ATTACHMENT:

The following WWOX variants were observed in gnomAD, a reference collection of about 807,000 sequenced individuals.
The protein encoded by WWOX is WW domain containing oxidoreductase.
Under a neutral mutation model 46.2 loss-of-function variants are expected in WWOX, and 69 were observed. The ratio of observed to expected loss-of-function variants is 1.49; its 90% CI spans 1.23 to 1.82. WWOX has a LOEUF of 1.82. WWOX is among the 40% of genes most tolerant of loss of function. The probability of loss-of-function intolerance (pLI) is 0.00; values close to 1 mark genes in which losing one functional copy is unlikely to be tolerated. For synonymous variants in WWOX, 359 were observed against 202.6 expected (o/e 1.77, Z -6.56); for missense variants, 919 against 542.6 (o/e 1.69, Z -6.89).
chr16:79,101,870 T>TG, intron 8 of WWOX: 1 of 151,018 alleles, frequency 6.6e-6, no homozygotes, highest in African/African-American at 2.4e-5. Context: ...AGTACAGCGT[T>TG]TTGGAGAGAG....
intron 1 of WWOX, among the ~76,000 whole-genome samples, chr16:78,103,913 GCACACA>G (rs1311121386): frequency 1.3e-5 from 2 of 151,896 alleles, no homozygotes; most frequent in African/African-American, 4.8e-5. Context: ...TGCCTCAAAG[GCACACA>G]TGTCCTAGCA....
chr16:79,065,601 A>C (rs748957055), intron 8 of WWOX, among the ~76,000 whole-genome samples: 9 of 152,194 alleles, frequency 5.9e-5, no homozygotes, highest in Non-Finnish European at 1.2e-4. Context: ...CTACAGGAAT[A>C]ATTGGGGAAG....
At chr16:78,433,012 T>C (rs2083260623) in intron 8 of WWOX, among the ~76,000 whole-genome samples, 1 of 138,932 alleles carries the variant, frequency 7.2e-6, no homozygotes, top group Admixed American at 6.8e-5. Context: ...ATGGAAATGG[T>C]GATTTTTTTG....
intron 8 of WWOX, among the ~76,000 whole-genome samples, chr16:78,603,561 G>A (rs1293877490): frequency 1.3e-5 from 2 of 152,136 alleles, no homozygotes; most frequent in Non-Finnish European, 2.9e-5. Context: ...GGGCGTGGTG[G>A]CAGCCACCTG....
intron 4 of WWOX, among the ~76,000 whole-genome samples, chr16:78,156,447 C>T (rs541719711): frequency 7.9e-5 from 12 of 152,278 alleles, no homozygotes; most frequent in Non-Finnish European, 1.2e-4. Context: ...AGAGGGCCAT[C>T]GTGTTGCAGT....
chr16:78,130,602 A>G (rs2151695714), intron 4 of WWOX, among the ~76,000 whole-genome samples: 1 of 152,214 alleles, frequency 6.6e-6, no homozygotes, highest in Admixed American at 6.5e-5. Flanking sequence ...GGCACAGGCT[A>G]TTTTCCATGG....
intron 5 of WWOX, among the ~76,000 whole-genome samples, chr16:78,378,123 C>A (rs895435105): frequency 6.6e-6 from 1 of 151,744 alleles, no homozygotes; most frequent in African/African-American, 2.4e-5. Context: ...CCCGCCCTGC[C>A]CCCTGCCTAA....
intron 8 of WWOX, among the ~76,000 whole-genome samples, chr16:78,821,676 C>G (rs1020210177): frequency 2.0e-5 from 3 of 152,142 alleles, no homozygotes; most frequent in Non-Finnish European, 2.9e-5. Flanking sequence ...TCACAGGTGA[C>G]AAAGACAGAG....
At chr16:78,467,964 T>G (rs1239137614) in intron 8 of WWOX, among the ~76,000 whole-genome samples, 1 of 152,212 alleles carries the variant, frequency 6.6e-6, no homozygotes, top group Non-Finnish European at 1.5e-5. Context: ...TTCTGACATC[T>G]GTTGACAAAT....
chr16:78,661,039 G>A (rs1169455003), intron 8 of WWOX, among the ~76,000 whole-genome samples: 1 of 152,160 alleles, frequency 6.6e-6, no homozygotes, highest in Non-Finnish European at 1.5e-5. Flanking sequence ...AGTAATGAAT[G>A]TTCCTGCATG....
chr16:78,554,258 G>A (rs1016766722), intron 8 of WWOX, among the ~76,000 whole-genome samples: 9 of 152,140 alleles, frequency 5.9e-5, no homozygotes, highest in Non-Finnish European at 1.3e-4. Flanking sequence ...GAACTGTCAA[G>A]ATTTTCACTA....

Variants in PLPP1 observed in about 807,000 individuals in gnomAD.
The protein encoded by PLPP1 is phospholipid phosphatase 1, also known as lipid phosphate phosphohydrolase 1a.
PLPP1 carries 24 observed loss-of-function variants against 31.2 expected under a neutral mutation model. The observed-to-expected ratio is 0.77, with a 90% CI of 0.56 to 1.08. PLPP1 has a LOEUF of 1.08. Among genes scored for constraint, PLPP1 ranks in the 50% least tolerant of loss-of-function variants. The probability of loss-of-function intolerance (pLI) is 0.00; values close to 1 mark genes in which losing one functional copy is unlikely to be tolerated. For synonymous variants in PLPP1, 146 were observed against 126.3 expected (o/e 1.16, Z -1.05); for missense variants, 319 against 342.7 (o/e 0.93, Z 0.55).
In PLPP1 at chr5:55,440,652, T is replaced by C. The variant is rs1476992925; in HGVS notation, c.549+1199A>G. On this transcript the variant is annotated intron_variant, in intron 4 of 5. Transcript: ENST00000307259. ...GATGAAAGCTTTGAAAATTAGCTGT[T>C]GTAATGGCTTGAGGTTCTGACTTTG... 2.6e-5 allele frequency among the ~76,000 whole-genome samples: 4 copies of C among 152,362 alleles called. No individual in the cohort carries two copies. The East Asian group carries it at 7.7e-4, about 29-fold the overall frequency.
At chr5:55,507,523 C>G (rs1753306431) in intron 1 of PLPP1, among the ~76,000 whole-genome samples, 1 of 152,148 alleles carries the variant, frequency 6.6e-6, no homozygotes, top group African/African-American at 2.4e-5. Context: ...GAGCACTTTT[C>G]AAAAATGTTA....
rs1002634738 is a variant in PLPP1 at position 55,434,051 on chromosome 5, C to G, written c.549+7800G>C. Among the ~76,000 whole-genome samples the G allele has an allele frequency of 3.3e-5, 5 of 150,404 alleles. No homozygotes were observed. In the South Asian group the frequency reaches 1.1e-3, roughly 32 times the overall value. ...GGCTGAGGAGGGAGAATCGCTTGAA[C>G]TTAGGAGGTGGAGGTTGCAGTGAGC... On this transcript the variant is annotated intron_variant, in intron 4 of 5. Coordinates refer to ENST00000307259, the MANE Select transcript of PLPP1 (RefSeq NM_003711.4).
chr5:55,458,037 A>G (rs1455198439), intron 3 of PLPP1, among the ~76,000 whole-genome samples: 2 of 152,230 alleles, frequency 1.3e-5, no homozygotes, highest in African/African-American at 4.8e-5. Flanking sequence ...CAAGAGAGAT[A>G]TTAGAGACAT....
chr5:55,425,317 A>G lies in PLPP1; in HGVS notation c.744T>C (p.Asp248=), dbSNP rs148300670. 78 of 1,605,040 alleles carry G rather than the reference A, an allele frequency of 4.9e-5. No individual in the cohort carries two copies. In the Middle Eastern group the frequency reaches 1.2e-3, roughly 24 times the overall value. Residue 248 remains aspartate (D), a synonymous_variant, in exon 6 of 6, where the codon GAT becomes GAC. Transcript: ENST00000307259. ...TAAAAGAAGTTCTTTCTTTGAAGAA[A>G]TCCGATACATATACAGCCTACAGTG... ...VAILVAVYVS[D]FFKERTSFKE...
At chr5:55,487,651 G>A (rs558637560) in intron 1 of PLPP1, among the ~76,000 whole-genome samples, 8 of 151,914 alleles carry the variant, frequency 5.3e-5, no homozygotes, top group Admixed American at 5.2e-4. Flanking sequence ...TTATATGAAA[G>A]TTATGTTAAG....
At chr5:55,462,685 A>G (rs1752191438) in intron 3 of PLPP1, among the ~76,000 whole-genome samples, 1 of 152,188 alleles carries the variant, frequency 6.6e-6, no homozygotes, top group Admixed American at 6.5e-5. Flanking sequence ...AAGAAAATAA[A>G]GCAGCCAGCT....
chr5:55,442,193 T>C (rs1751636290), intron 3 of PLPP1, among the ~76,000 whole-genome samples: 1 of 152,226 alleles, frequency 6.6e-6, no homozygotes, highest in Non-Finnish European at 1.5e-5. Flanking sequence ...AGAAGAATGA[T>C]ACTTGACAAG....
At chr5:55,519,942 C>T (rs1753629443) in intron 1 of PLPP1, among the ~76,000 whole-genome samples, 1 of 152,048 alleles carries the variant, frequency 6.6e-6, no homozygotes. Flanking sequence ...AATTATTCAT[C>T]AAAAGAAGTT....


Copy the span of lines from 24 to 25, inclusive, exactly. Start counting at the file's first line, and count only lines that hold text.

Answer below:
At chr5:55,487,651 G>A (rs558637560) in intron 1 of PLPP1, among the ~76,000 whole-genome samples, 8 of 151,914 alleles carry the variant, frequency 5.3e-5, no homozygotes, top group Admixed American at 5.2e-4. Flanking sequence ...TTATATGAAA[G>A]TTATGTTAAG....
At chr5:55,462,685 A>G (rs1752191438) in intron 3 of PLPP1, among the ~76,000 whole-genome samples, 1 of 152,188 alleles carries the variant, frequency 6.6e-6, no homozygotes, top group Admixed American at 6.5e-5. Flanking sequence ...AAGAAAATAA[A>G]GCAGCCAGCT....